Even if your business grew during the pandemic, you may still qualify
Recovering from the devastating impact of COVID will prove to be a long journey for the restaurant industry. Recent data shows that sales are $240 billion below normal, 8 million employees have been laid off or furloughed, and over 110,000 eateries closed for good in 2020, and it’s evident the way back to pre-crisis level of sales and employment will not be straightforward. Before restaurants can embrace the new normal, they need foresight and careful planning to return to some kind of stability.
During the pandemic, restaurant owners digitized operations, invested in covid-safe packaging for home deliveries, and developed app-based ordering to survive. Despite acting as a lifeline to struggling restaurants, these innovations increased operational costs. Spending money to stay afloat in an era of plummeting sales was a catch-22 situation.
Fortunately, recent legislative changes have made it easier for restaurants to fund a recovery plan and quickly infuse cash back into their business. Congress is now providing the capital necessary to help business owners in this industry bounce back by way of the Employee Retention Credit.
The government is keen on bringing the restaurant industry back to its feet. The reason is simple: the restaurant industry is the second-largest private sector employer in the U.S., hiring 10 percent of the entire workforce in 2019.
The Employee Retention Credit (ERC) was designed to encourage businesses to keep employees on payroll. When the CARES Act came into effect in 2020, restaurants used the Paycheck Protection Program loans (PPP) to fund their operations. But since PPP and ERC were mutually exclusive incentives, these businesses remained ineligible for the Employee Retention Credit until the passage of the Consolidated Appropriations Act of 2021 last December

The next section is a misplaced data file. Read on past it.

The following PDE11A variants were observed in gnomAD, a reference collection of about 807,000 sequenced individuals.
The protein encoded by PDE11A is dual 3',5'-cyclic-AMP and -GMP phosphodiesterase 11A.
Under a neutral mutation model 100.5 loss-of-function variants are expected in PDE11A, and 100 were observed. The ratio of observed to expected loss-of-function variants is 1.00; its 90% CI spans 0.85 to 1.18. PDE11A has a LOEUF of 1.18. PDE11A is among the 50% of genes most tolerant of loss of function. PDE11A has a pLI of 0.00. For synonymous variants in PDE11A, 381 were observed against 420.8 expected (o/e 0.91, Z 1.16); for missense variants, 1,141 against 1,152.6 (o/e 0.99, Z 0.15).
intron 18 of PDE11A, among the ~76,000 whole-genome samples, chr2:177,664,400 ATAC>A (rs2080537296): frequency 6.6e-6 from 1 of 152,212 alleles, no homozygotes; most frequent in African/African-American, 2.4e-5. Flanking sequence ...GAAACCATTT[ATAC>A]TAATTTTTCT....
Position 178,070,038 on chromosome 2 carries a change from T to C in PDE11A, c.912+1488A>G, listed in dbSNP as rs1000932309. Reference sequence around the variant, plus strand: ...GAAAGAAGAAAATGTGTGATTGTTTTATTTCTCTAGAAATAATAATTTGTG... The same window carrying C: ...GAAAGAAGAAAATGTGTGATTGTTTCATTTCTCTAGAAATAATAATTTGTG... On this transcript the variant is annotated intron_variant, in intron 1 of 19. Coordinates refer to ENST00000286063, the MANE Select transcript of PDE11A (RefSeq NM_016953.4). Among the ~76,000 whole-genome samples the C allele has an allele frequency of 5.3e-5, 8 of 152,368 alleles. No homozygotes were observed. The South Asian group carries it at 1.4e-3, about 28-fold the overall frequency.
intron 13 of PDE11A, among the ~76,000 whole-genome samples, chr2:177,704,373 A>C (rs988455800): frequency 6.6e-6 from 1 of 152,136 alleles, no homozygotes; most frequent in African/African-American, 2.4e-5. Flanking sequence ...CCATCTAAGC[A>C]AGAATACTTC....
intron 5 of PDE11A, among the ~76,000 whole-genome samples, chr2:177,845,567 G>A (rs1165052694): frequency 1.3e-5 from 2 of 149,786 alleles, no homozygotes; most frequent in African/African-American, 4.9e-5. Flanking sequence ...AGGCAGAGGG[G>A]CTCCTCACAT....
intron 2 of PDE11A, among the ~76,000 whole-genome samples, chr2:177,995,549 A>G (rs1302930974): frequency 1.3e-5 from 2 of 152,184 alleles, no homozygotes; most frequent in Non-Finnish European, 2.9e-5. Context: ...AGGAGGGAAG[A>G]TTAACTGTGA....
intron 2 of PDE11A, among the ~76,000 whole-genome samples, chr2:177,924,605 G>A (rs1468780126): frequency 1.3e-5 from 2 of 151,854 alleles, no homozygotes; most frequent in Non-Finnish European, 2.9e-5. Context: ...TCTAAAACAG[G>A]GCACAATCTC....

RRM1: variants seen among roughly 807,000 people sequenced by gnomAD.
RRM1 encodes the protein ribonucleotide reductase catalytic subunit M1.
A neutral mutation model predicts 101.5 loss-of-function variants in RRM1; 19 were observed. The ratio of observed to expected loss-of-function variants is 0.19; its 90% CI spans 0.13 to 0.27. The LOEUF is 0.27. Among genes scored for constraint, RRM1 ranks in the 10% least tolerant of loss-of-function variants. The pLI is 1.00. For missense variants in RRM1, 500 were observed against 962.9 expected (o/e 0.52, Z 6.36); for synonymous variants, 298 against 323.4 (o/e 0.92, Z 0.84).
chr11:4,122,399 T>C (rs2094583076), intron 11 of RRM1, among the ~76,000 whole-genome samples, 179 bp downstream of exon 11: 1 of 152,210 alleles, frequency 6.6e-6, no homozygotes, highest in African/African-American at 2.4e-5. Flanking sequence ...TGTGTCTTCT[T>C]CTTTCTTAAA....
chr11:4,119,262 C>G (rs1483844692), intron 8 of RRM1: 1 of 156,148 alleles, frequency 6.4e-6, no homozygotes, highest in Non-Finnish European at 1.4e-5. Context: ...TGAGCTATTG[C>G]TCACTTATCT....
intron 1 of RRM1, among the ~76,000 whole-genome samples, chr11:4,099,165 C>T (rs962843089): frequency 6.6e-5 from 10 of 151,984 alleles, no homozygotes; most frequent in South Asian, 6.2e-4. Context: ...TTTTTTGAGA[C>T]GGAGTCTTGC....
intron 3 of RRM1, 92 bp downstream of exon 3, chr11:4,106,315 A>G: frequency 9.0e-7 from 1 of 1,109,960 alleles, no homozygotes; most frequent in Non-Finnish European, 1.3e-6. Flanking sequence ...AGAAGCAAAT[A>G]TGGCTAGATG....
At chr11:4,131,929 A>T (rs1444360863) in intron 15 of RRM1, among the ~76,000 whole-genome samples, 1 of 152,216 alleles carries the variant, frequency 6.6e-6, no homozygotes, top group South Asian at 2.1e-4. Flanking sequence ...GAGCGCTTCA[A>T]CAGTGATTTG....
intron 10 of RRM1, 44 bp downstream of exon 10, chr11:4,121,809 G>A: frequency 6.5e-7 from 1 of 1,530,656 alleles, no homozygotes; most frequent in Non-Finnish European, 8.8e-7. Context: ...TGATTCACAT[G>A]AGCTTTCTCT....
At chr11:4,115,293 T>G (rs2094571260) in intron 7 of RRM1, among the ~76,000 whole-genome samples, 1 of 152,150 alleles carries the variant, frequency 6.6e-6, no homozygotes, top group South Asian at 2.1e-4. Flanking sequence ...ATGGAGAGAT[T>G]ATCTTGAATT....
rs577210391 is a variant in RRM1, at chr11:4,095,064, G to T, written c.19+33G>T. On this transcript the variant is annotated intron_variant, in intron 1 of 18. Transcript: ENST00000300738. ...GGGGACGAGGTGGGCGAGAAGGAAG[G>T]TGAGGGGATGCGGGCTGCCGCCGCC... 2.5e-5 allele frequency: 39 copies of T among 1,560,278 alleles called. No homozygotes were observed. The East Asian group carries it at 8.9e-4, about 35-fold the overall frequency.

Act Now to Claim the Employee Retention Credit
Employers who received PPP loans and/or have had their loan forgiven are now eligible to also claim the Employee Retention Credit on wages not paid by PPP loans. But even with the change in ERC rules, a lot of eligible restaurants are still not claiming this credit due to lack of awareness. The business owners of these restaurants are either simply unaware of this credit or preemptively disqualify themselves thinking they are ineligible for it. These businesses are missing out on credits (up to thousands of dollars per employee) that they could have used to:
- Eliminate payroll tax
- Invest in capital
- Hire more talent
- Rebuild their business
Which restaurants qualify for the Employee Retention Credit?
- To be eligible for this tax credit, you must satisfy at least one of two conditions:
- Your business operations were fully or partially interrupted and/or suspended
- Your business experienced a decline in revenue (20 percent in gross receipts when compared with the same quarter of 2019)
That said, even if you do not have any tax liability, you can still receive a cash refund. In fact, the key to qualifying is not just revenue or tax liability: if your daily operations were altered in any way because of the pandemic, you are in an excellent position to claim the credit.
Even if your business grew during the pandemic, you may still qualify for the Employee Retention Credit. If you can show how the pandemic impacted your business and its operations, this incentive will surely provide a much-needed boost to your business.
Finally, restaurants should not only claim this credit but also maximize its benefit by combining it with other government incentives like the Work Opportunity Tax Credit (WOTC). This reward incentivizes employers to hire workers from targeted groups who have historically faced significant barriers to employment, while helping to sustain businesses and jumpstart recovery for the American hospitality industry.
The Employee Retention Credit is an incredible opportunity to get your business back on its feet, and can help lay a solid foundation for success as restaurants resume business as usual.
About the Author
Dean Zerbe is alliantgroup’s National Managing Director based in the firm’s Washington, D.C. office. Prior to joining alliantgroup, Zerbe was Senior Counsel and Tax Counsel to the U.S. Senate Committee on Finance. He worked closely with then-Chairman of the Finance Committee, Senator Charles Grassley, on tax legislation. During his tenure on the Finance Committee, Zerbe was intimately involved with nearly every major piece of tax legislation that was signed into law, including the 2001 and 2003 tax reconciliation bills, the JOBS bill in 2004 (corporate tax reform) and the Pension Protection Act.
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